I saw firsthand how incompetent and unmotivated Russell was as an NFL quarterback. I remember the holdout, the stopping of practice to find his earring, and the Tony Siragusa-like belly. One cannot even utter the name JaMarcus Russell to members of the Raider Nation without getting a look of disgust and anguish.
When the Raiders drafted Terrelle Pryor, they would not give Pryor his beloved No. 2 jersey because they did not want fans to think of JaMarcus Russell. Even though Russell had a disastrous start to his career, he is only 27-years-old and he still has potential to be an NFL quarterback.
When Jim Plunkett left the San Francisco 49ers after his seventh dreadful season in the NFL, it looked like he would go down as a monumental bust. Plunkett was considered one of the greatest quarterbacks to come out of college when he was drafted first overall by the New England Patriots in the 1971 NFL draft. He would go onto be mediocre for the Patriots during his five seasons with the team.
Plunkett would then be traded to the 49ers, where he was cut after two uneventful seasons. When he signed with the Raiders in 1978, it seemed as though he would be a big-name bench warmer for the silver and black.
It was not until the 1980 season at the ripe age of 33 that Plunkett got playing time for the Raiders, and that was because of an injury to the starting quarterback. Plunkett would eventually lead the Raiders to the Super Bowl during his first year as a starter and ended up winning one more Super Bowl a few seasons later.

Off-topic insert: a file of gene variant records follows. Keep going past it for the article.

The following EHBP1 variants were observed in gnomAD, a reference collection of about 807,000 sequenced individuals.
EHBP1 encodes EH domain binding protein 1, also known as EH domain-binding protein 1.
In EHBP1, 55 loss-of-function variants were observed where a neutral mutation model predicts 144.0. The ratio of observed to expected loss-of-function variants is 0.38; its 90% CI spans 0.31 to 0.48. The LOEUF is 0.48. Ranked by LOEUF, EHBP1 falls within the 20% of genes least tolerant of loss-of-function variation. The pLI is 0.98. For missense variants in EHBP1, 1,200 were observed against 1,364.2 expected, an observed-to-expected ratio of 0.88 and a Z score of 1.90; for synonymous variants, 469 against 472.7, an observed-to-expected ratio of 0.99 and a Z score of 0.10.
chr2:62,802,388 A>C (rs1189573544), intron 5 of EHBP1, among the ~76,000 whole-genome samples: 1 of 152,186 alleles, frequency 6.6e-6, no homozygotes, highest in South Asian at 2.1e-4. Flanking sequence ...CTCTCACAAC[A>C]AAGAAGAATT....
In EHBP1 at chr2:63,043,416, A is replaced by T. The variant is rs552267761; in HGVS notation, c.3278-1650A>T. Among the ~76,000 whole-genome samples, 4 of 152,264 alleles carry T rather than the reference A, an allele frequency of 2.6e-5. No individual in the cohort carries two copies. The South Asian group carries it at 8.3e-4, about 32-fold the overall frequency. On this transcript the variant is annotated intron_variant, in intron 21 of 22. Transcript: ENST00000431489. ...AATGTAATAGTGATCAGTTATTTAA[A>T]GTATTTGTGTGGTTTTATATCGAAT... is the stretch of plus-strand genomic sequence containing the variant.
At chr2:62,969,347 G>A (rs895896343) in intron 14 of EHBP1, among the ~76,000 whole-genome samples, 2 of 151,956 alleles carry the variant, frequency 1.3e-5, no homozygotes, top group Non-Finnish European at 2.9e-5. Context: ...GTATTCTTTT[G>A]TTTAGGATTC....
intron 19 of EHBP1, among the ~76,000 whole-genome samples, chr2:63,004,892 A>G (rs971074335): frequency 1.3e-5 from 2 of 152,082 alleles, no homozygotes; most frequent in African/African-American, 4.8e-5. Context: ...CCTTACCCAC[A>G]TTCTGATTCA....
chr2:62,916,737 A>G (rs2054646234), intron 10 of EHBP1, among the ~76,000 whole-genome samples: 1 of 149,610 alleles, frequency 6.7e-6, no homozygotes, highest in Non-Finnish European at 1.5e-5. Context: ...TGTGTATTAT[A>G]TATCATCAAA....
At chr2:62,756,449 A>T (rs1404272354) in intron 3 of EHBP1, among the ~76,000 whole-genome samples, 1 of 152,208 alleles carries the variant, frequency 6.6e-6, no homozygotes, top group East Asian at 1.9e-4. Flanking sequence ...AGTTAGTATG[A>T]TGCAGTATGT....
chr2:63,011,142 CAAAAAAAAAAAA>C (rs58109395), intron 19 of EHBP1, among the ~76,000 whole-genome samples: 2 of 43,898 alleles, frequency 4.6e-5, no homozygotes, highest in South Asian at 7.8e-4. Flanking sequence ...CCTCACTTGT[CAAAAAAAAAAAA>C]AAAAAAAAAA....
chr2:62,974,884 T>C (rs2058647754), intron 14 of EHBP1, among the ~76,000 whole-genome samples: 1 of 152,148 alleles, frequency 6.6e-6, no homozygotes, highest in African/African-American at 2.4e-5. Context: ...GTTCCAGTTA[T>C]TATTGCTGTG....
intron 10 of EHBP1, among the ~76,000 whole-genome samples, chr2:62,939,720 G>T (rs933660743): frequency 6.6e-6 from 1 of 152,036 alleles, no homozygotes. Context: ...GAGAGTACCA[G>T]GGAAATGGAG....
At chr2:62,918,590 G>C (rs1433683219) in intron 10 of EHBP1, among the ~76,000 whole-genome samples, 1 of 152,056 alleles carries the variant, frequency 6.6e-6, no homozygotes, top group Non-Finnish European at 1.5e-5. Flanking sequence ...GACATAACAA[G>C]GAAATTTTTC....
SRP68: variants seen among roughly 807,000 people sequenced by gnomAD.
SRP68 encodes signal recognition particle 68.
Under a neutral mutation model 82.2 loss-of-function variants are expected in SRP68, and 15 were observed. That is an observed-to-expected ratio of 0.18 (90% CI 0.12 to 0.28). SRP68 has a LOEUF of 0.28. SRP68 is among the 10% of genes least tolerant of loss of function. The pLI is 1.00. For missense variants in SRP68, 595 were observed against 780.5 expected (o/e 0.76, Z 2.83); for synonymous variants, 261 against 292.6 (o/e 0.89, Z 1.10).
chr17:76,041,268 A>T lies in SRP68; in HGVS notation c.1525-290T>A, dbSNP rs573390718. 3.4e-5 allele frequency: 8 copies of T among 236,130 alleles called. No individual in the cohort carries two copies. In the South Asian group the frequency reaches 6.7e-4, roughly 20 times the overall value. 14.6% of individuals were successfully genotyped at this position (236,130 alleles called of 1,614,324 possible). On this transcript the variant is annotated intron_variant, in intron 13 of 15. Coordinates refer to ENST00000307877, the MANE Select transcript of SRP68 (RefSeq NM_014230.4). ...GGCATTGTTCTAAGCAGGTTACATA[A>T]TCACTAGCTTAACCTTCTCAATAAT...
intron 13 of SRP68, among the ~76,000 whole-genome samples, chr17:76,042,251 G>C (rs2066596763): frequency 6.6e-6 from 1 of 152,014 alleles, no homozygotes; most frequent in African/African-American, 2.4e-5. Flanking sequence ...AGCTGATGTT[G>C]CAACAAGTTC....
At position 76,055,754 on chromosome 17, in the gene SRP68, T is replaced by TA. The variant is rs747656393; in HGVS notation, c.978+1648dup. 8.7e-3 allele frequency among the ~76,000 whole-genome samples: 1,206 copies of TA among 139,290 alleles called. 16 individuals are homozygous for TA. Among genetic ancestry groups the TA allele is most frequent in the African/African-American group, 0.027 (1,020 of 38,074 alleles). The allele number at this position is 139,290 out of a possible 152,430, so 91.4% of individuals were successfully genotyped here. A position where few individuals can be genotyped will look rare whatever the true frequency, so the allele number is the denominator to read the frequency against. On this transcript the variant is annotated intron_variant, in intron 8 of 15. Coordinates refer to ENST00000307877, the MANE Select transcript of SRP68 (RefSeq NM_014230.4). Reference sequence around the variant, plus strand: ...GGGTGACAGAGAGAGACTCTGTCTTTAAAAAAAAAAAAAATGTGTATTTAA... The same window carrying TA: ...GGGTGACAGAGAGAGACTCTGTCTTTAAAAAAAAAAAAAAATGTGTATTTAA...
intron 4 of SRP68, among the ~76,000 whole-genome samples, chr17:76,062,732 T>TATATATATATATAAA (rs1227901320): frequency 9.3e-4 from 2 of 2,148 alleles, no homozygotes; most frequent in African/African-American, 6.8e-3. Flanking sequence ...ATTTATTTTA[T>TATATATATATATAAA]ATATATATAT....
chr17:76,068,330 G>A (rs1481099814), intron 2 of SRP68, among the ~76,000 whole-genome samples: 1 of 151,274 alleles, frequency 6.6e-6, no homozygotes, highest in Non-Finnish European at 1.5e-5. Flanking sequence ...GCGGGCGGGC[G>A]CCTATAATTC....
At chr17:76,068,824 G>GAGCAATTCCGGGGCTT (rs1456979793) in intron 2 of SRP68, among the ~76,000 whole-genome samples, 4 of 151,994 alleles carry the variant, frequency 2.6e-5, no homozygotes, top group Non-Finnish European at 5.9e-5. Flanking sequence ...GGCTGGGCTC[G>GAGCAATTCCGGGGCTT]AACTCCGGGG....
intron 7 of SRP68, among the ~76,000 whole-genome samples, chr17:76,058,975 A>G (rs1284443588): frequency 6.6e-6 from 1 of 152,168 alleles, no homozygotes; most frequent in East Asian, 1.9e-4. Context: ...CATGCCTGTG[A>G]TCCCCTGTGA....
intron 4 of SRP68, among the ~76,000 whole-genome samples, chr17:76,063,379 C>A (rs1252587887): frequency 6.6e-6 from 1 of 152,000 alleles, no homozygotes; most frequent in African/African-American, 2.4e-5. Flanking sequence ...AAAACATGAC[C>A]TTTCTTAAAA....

From the outside looking in, Russell seems to have turned a corner in his life and he is finally motivated to live up to his lofty potential. Under the tutelage of former NFL quarterback Jeff Garcia, Russell has been training hard to lose weight and get his football form back. Russell has actually lost 40 pounds to get to his 270-pound goal.
We all know the aura around Russell’s arm strength (He can throw 70 yards from his knees, etc.) so if Russell has gotten his mind right, he has all the capabilities to be an NFL quarterback. Russell is actually younger than the Cleveland Browns‘ 2012 first-round draft pick Brandon Weeden, which shows he still has time to get his career together.
An ideal situation for Russell would be to sign with a team that has a great quarterback. I can see Russell being a third–string quarterback for the Denver Broncos, New Orleans Saints, or Baltimore Ravens. Russell would be able to learn the traits of becoming a successful quarterback and pick up the nuances of an NFL playbook.
If Russell shows promise as an NFL player, the team that signs him would have a hard-to-find talented backup quarterback on their roster; if he were to fail, they could cut him with no cost to the team.
There are some terrible quarterbacks in the NFL who constantly get their third, fourth and fifth chances (Trent Edwards, Derek Anderson, David Carr, Josh McCown and Luke McCown. Even Ryan Leaf got four chances), so why can’t Russell get his second chance?
I know NFL teams can use a cannon arm like Russell’s off the bench and who knows, maybe he can become an NFL starter in a few years. Former Raiders quarterback Plunkett was also considered a bust by 30-years-old, but still managed to find success.
Russell is still six years younger than Plunkett was when he began his run as the Raiders’ starting quarterback. Plunkett’s meteoric rise to becoming an NFL great shows that the possibility of a Russell comeback is not unprecedented.
Jorge Contreras is an Oakland Raiders writer for RantSports.com. Follow Jorge on Twitter @jraycontreras